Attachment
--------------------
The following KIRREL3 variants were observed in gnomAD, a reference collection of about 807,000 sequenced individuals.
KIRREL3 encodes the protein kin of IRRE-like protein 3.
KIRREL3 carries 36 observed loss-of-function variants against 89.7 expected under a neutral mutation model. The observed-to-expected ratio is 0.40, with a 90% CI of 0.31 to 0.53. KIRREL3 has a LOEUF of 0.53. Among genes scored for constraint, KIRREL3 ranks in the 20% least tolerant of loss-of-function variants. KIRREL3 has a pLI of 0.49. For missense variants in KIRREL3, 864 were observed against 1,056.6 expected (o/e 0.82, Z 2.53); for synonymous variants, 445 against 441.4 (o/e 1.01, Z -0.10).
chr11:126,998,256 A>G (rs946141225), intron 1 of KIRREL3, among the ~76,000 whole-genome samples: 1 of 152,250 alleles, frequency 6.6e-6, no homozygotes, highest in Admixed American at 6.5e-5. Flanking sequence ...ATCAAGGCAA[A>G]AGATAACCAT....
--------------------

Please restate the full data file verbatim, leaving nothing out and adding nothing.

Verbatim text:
The following KIRREL3 variants were observed in gnomAD, a reference collection of about 807,000 sequenced individuals.
KIRREL3 encodes the protein kin of IRRE-like protein 3.
KIRREL3 carries 36 observed loss-of-function variants against 89.7 expected under a neutral mutation model. The observed-to-expected ratio is 0.40, with a 90% CI of 0.31 to 0.53. KIRREL3 has a LOEUF of 0.53. Among genes scored for constraint, KIRREL3 ranks in the 20% least tolerant of loss-of-function variants. KIRREL3 has a pLI of 0.49. For missense variants in KIRREL3, 864 were observed against 1,056.6 expected (o/e 0.82, Z 2.53); for synonymous variants, 445 against 441.4 (o/e 1.01, Z -0.10).
chr11:126,998,256 A>G (rs946141225), intron 1 of KIRREL3, among the ~76,000 whole-genome samples: 1 of 152,250 alleles, frequency 6.6e-6, no homozygotes, highest in Admixed American at 6.5e-5. Flanking sequence ...ATCAAGGCAA[A>G]AGATAACCAT....